Just before drifting off to sleep, my son rolls over to check that I’m still there and grips my hand more tightly in his. I like to think that he’s locking my presence into his dreams. Sometimes, while lying in the dark or playing in the light, I think about all of the things I need to do.
I think about work, about donating unused baby items, and about how far behind I am. I think about writing, about fall leaves neglected on the dying winter grass of our small yard, and about wrapping Christmas gifts waiting in unopened boxes, hidden from an eager five-year-old.
Sometimes I stop and focus on my son’s hand in mine.
Remember what it feels like to be lying in the dark, listening to a sweet five-year-old’s breaths become deeper regardless of what remains undone in the rest of the house.
One day, I’ll be gone.
One day, so will little-boy-him. Eventually too, old-man-him, his mother reduced to memories of quirks, frustrations, love, forgotten scents, and years of laughter. Reduced to weathered photo albums, some jewelry keepsakes, and a box of once important mementos that hasn’t been opened in years.
I hope to be really old.
I hope that I am wrinkled and stooped and able to meet my grandchildren. I hope to tell them about their father, my now baby boy and my then grown son. I hope to tell them about how brave he has always been.
How he struggled with language and how he always finds the light and the laughter. How eager he is to play and to please.
I want to remember vulnerable him. That when his 2am bad-dream cries pull me from my good ones, I know that one day, I’ll miss that.
Remember the not-so-little little boy who rolls over to check that I’m there while he fights sleep.
The little boy who is proud and embarrassed and silly and funny and perfectly himself.
I want to remember.
I want to live long enough so that I feel okay when leaving. I don’t know that there’s ever a time that any parent feels okay leaving this life but I have faith that some of us manage to do so in peace. That we leave knowing that we were enough.
I want to live long enough to tell my unwritten stories. Those of my grandchildren’s father who is my today little boy. To tell stories of myself, and those of our fathers and mothers even before us.
I want to tell my son’s children about their pasts.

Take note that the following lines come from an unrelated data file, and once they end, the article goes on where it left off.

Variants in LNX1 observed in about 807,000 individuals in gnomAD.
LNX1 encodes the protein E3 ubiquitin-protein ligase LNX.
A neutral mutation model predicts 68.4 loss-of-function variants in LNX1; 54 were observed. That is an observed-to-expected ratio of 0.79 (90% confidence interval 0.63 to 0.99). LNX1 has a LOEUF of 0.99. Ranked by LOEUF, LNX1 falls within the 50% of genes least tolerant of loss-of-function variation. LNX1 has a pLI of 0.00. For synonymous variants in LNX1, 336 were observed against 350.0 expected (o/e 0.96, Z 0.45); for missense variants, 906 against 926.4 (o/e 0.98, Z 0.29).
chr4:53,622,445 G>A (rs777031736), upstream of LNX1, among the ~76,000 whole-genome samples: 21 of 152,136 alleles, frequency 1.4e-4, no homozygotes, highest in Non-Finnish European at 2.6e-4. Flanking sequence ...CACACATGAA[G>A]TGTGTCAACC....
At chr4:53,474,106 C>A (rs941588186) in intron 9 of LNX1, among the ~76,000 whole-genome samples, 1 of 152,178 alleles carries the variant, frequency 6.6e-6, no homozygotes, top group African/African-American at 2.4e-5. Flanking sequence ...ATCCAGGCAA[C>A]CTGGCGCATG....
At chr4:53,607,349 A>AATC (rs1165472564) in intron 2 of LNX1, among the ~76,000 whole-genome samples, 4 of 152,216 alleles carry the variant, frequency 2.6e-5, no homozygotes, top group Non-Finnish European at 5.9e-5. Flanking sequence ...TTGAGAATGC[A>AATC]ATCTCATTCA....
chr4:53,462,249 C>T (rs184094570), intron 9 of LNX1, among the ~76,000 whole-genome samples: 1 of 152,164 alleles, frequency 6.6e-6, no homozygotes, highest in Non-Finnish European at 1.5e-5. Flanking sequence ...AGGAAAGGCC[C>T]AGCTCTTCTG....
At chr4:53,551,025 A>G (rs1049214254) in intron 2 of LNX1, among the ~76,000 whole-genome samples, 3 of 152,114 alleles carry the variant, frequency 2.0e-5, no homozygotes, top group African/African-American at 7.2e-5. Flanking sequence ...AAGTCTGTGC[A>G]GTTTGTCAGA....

I want to remind them that breathing the summer’s night air or the crispness of a freezing winter evening while looking at the stars has felt the same since forever and always will. For all of us.
That life and what we do with it matters.
I want to remember these moments and I want to know my old man son.
I hope to know his children, and to have them know me. I want to live long enough to where my little boy who will one day be a man —but will always be my baby —knows, without a doubt, that I love him.
For who he is. Because of, and in spite of himself. I want him to know that I love him for all of the days in the way that he knows I do today.
I hope to become old enough to see my son realize that he can do anything. That he already changed the world when he came into mine.
I want him to know that I am proud of him. That I will always be proud of him. Whether he is a cashier or an engineer. That what he chooses to do doesn’t matter as long as tries and that he finds acceptance and fulfillment there.
I want to remember that he’s my very best greatest ever most favorite always. Regardless of what I need to do during the rest of my time.
Remember this now, when I’m thinking about the to-dos. Remember this tomorrow, when we’re running late. Remember this always.
This has been a Finish the Sentence Friday prompt, where writers and bloggers each finish the same sentence and link up to read one another’s answers. This week’s prompt was “When I’m really old, I hope to look back at my life and know that I…”